Ryan Gosling's directorial debut, Lost River, will finally hit a (small) number of theaters, and VOD, on April 10. Gosling's freshman effort debuted at last year's Cannes Film Festival, where it was promptly slammed by critics. One of the main complaints? That the film, which Gosling also wrote, feels like a mishmash of styles cribbed from several more-established directors: David Lynch, Terrence Malick, and Gosling's Drive and Only God Forgives director, Nicolas Winding Refn, among them. That may be true, but when I caught the Cannes premiere screening of Lost River, I was struck more by all the elements in the movie that reminded me of elements from other Ryan Gosling movies. Here are a few devices, props, and people from Gosling's past work that pop up in subtle — and not-so-subtle — ways in his first behind-the-camera effort:


Gosling returned to Detroit, where much of his film The Ides of March was shot, for his first gig in the director's chair. The location stands in for the fictional Lost River, and you'll see echoes of the gritty inner-city landscape from that 2011 George Clooney collaboration here.

Eva Mendes, Christina Hendricks, and Ben Mendelsohn

Ryan called upon several of his former costars when he was casting Lost River: his girlfriend, Eva Mendes, Australian actor Ben Mendelsohn from The Place Beyond the Pines, and Mad Men star Christina Hendricks, whom he acted opposite in Drive.


A Main Character Who Fixes Up Cars

Gosling's lead character in Lost River is Bones, a teenager stuck in a decaying town, whose only hope of getting out of dodge is a broken-down car in his front lawn. So, like Gosling in Drive, we spend several scenes watching our star tinkering under the hood of a car that represents his ticket to a better life.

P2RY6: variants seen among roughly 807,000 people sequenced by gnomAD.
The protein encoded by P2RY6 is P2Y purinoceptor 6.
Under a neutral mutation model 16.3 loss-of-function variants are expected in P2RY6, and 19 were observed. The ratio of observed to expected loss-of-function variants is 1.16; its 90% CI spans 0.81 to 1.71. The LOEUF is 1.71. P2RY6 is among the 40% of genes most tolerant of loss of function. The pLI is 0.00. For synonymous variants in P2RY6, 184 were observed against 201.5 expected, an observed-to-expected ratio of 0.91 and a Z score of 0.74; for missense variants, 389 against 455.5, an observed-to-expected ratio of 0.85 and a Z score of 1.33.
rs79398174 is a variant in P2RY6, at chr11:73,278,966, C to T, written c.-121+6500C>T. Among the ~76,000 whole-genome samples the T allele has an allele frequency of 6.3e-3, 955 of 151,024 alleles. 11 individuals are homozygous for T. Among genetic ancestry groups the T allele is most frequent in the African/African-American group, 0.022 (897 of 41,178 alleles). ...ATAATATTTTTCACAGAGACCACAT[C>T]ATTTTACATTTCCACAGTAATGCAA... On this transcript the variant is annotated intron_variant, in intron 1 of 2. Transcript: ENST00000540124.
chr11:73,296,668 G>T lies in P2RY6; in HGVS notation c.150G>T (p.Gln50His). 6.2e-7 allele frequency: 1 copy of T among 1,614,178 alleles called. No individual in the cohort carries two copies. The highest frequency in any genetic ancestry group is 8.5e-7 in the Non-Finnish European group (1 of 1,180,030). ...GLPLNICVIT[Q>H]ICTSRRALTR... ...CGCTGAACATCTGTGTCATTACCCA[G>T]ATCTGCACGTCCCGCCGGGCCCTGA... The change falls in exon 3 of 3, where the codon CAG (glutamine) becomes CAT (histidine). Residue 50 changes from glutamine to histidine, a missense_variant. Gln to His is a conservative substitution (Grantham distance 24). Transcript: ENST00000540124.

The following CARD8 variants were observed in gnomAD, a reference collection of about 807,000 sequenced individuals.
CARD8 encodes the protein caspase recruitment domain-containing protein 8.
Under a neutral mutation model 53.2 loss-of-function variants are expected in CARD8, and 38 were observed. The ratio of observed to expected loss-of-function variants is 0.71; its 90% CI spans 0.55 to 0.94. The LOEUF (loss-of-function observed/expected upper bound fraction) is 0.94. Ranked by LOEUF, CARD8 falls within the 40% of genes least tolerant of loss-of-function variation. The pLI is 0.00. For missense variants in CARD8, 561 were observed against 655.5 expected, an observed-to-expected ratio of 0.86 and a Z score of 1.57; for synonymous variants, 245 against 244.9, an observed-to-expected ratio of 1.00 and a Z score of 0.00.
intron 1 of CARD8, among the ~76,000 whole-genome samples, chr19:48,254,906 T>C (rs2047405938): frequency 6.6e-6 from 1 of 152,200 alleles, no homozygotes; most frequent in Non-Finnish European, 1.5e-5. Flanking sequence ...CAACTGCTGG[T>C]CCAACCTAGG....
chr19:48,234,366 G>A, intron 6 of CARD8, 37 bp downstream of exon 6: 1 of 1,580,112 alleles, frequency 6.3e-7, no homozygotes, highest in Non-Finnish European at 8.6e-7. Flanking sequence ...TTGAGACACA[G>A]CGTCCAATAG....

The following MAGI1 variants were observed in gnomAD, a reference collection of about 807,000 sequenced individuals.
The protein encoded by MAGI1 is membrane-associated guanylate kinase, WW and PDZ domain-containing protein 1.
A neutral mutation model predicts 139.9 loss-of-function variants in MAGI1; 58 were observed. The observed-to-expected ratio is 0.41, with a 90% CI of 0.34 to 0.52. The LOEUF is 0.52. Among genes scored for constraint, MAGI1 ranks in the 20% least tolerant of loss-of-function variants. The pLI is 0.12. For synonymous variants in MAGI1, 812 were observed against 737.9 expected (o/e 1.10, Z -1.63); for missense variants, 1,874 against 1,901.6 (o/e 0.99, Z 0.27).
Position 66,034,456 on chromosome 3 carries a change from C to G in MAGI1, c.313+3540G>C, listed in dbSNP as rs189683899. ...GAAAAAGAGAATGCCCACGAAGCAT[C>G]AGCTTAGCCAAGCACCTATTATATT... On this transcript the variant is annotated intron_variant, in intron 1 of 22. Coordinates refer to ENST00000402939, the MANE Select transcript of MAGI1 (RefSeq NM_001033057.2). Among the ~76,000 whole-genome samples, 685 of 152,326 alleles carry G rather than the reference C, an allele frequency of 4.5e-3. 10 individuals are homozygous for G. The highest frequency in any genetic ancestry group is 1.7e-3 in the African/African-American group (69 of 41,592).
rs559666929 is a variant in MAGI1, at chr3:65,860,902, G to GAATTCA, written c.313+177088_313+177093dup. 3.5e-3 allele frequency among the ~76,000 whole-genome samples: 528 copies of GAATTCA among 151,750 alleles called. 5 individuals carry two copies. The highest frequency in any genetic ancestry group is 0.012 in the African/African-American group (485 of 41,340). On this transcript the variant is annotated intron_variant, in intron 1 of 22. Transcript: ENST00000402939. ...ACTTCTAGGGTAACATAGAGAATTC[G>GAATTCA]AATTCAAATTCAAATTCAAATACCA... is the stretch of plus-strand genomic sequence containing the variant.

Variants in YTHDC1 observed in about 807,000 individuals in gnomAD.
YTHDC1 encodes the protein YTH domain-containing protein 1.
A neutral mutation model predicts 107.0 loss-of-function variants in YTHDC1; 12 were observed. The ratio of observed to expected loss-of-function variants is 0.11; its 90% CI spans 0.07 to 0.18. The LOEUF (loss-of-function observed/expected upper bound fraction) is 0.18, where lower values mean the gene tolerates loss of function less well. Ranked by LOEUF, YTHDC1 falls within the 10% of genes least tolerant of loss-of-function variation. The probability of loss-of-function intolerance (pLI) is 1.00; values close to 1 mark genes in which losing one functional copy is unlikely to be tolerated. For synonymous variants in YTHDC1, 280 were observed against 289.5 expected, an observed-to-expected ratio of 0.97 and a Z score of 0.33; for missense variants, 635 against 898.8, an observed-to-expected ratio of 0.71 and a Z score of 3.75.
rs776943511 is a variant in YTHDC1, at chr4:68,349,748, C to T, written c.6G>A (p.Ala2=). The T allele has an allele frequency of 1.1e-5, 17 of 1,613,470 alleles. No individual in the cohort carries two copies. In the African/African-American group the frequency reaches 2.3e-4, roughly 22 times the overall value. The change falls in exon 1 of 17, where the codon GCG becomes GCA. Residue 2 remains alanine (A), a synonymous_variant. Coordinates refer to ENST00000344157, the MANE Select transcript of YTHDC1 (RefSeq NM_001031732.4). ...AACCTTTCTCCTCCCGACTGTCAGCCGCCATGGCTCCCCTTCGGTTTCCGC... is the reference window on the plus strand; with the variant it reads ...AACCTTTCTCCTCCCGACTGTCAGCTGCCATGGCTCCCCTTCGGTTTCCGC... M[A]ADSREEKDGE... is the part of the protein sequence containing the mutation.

A Character With a Really, Really Cool Bomber Jacket

Speaking of Drive, it's fair to say that Gosling's satin scorpion jacket in the film was one of Driver's most defining features — not to mention a really popular Halloween costume the year that movie came out. Obviously, the allure of a great statement piece in creating character hasn't been lost on Gosling. His Lost River villain, Bully (played by Dr. Who's Matt Smith), also rocks a memorable metallic gold bomber for much of the film.

An '80s-Inspired Soundtrack

Gosling took yet another cue from Drive with Lost River's electronic-inflected soundtrack, which frequently sounds like it would be equally at home in the 1980s as in the 2010s.

A Blow-Up Doll

In Lost River, Christina Hendricks's character — a single mom struggling to make ends meet — reluctantly takes a job at an underground cabaret club. In one particularly creepy room, she's forced inside a plastic shell to serve as a kind of human blow-up doll for the club's perverse clientele. Maybe that's a leftover fever dream Gosling had after filming Lars and the Real Girl?

A Supremely Uncomfortable Dance Sequence

While we're discussing Lars and the Real Girl, remember that squirm-inducing scene where Gosling's character dances with a nonexistent partner to a Talking Heads song in the middle of a crowded party? Lost River offers up its own off-putting dance number that will leave you wanting to avert your eyes.

An Absent Father

In Lost River, Bones is expected to be the man of the house in a father-less family at a too-tender age. The missing-dad trope has been present in Gosling films including The Place Beyond the Pines, Half Nelson, and Only God Forgives.

A Rowboat

Lost River star Iain De Caestecker is already earning comparisons to a young Gosling. And who better than Gosling himself to identify one of the key factors in his early success — the rowboat — and give his young star the chance to emulate him? The prop was integral to one of The Notebook's most climactic scenes and Gosling's place in pop culture, and it serves an equally important purpose in Lost River, albeit a way less sexy one. How thoughtful of Gosling to pass the torch.

Photos courtesy of Bold Films